“It is beautiful!” said Rusha, “now we have got a glass window ­and a real door ­and beds ­” all which recent stages in improvement she enumerated with a gasp of triumph and admiration between each.

“So you think,” said little Mistress Gaythorn.  “But I have lived in a castle.”

She was quite ready to tell her history.  Her name was Emlyn, and the early part of the eight years of her life had been spent at Sir Harry Blythedale’s castle, where her father had been butler and her mother my lady’s woman.  Sir Harry had gone away to the wars, and in his absence my lady had held out the castle (perhaps it was only a fortified house) against General Waller, hoping and hoping in vain for Lord Goring to come to her relief.

“That was worst of all,” said Emlyn, “we had to hide in the cellars when they fired at us ­and broke all the windows, and a shot killed my poor dear little kitten because she wouldn’t stay down with me.  And we couldn’t get any water, except by going out at night; young Master George was wounded at the well.  And they only gave us a tiny bit of dry bread and salt meat every day, and it made little Ralph sick and he died.  And at last there was only enough for two days more ­and a great breach ­that’s a hole,” she added condescendingly, ­“big enough to drive my lady’s coach-and-six through in the court wall.  So then my lady sent out Master Steward with one of the best napkins on the end of a stick ­that was a flag of truce, you know ­and all the rascal Roundheads had to come in, and we had to go out, with only just what we could carry.  My lady went in her coach with Master George, because he was hurt, and the young ladies, and some of the maids went home; but the most of us kept with my lady, to guard her to go to his Honour and the King at Oxford.  Father rode big Severn, and mother was on a pillion behind him, with baby in her arms, and I sat on a cushion in front.”

After that, it seemed that my lady had found a refuge among her kindred, but that the butler had been enrolled in his master’s troop of horse, and there being no separate means of support for his wife and children, they had followed the camp, a life that Emlyn had evidently enjoyed, although the baby died of the exposure.  She had been a great pet and favourite with everybody, and no doubt well-cared for even after the sad day when her mother had perished in the slaughter at Naseby.  Patience wondered what was to become of the poor child, if her father never appeared to claim her; but it was no time to bring this forward, for Steadfast, as soon as he had swallowed his porridge, had to go off to finish his day’s labour for the lady of the manor, warning his sisters that they had better keep as close as they could in the wood, and not let the cattle stray out of their valley.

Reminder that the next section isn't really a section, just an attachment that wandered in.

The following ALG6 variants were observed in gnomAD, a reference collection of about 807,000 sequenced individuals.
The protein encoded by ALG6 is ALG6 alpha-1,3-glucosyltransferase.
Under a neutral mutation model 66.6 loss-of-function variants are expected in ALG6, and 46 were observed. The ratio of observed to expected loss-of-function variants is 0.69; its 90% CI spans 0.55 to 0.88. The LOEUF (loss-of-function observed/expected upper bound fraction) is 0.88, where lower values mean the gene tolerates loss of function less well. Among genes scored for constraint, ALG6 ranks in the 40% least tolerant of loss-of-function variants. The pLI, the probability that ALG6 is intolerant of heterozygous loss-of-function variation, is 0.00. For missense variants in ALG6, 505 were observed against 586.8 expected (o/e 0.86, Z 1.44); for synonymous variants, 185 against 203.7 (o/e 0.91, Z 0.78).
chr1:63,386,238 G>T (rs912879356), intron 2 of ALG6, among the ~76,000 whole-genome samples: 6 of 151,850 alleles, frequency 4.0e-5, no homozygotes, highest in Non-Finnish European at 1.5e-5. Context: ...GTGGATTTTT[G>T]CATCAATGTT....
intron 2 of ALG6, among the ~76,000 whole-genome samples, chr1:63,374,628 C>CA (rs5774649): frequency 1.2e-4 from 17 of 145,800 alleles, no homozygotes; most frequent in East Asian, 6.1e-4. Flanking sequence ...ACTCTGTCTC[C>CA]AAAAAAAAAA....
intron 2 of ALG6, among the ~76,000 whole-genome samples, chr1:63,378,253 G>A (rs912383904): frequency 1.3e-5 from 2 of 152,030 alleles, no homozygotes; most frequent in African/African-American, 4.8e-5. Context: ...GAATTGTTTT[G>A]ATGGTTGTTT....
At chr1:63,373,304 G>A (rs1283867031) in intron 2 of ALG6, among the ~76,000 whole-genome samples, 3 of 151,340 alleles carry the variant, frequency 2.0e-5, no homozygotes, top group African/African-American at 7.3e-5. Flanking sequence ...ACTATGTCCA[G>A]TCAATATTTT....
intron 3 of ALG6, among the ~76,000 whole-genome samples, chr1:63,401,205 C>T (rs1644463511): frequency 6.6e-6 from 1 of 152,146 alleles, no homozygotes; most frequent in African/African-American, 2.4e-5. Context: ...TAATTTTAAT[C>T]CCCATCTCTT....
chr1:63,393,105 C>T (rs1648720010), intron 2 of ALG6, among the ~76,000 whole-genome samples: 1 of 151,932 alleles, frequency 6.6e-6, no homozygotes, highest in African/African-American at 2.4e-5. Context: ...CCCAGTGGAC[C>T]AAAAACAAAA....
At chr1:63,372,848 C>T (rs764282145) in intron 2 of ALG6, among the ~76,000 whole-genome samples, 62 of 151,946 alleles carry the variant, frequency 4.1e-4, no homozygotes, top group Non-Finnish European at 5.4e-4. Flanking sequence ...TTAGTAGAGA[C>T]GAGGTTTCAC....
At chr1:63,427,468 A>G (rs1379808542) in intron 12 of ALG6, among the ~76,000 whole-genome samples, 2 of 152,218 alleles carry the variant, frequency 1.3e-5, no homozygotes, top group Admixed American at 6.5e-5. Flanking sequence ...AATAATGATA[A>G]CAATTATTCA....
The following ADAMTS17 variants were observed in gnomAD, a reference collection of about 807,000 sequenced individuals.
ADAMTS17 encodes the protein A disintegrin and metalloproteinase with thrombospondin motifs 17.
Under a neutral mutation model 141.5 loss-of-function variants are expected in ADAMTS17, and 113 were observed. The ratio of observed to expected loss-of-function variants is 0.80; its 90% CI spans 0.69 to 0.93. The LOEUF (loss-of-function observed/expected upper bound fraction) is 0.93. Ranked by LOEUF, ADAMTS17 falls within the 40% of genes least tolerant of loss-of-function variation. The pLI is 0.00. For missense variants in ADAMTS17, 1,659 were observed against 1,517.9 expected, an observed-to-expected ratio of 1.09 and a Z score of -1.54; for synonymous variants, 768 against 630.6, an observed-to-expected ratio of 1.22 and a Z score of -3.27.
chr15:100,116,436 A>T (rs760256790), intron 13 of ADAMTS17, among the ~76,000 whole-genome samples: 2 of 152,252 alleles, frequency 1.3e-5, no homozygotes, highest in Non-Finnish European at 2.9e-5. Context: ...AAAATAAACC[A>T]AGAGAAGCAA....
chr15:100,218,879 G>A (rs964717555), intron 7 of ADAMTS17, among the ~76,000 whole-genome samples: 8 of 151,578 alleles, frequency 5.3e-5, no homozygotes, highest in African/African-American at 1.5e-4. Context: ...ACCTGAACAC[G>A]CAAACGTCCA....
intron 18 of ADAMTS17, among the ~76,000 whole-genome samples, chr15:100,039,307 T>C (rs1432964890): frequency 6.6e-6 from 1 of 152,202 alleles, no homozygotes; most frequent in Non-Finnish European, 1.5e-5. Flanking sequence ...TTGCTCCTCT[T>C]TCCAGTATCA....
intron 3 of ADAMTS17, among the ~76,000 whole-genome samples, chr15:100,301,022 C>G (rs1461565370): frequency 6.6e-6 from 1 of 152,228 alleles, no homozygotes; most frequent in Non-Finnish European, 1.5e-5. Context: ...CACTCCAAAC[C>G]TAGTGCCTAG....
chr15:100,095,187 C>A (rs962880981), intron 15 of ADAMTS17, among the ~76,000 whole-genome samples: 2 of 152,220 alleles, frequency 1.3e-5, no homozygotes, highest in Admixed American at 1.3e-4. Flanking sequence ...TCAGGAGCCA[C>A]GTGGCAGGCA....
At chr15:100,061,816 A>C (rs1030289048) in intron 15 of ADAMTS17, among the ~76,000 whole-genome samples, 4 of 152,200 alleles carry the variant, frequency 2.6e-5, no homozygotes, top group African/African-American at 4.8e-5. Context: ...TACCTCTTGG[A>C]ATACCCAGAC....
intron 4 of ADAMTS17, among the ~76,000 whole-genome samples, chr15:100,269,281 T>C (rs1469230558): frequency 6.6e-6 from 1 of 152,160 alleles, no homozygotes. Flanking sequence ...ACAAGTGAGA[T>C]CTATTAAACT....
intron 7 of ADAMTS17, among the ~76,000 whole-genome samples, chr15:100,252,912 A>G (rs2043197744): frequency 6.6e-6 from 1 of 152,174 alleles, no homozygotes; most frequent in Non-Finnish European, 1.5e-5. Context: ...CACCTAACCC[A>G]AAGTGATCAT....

He had not gone far, however, before he met a party of his fellow labourers running home.  Their trouble had been saved them.  The Roundhead soldiers had taken possession of waggons, horses, corn and all, as the property of a malignant, and were carrying them off to their camp before the town.

Getting up on a hedge, Stead could see these strange harvestmen loading the waggons and driving them off.  He also heard that Sir George had come late in the evening, and taken old Lady Elmwood and several of the servants into Bristol for greater safety.  Then came the heavy boom of a great gun in the distance.

“The Parliament men are having their turn now ­as the King’s men had before,” said Gates.

And all who had some leisure ­or made it ­went off to the church tower to get a better view of the white tents being set up outside the city walls, and the compact bodies of troops moving about as if impelled by machinery, while others more scattered bustled like insects about the camp.

Steadfast, however, went home, very anxious about his own three cows, and seven sheep with their lambs, as well as his small patches of corn, which, when green, had already only escaped being made forage of by the Royalist garrison, because he was a tenant of the loyal Elmwoods.  These fields were exposed, though the narrow wooded ravine might protect the small homestead and the cattle.

He found his new guest very happy cracking nuts, and expounding to Rusha what kinds of firearms made the various sounds they heard.  Patience had made an attempt to get her to exchange her soiled finery for a sober dress of Rusha’s; but “What shall I do, Stead?” said the grave elder sister, “I cannot get her to listen to me, she says she is no prick-eared Puritan, but truly she is not fit to be seen.”  Stead whistled.  “Besides that she might bring herself and all of us into danger with those gewgaws.”

“That’s true,” said Stead.  “Look you here, little maid ­none can say whether some of the rebel folk may find their way here, and they don’t like butterflies of your sort, you know.  If you look a sober little brown bee like Rusha here, they will take no notice, but who knows what they might do it they found you in your bravery.”

“Bravery,” thought Patience, “filthy old rags, me seems,” but she had the prudence not to speak, and Emlyn nodded her head, saying, “I’ll do it for you, but not for her.”

And when all was done, and she was transformed into a little russet-robed, white-capped being, nothing would serve her, but to collect all the brightest cranesbill flowers she could find, and stick them in her own bodice and Rusha’s.

Patience could not at all understand the instinct for bright colours, but even little Ben shouted “Pretty, pretty.”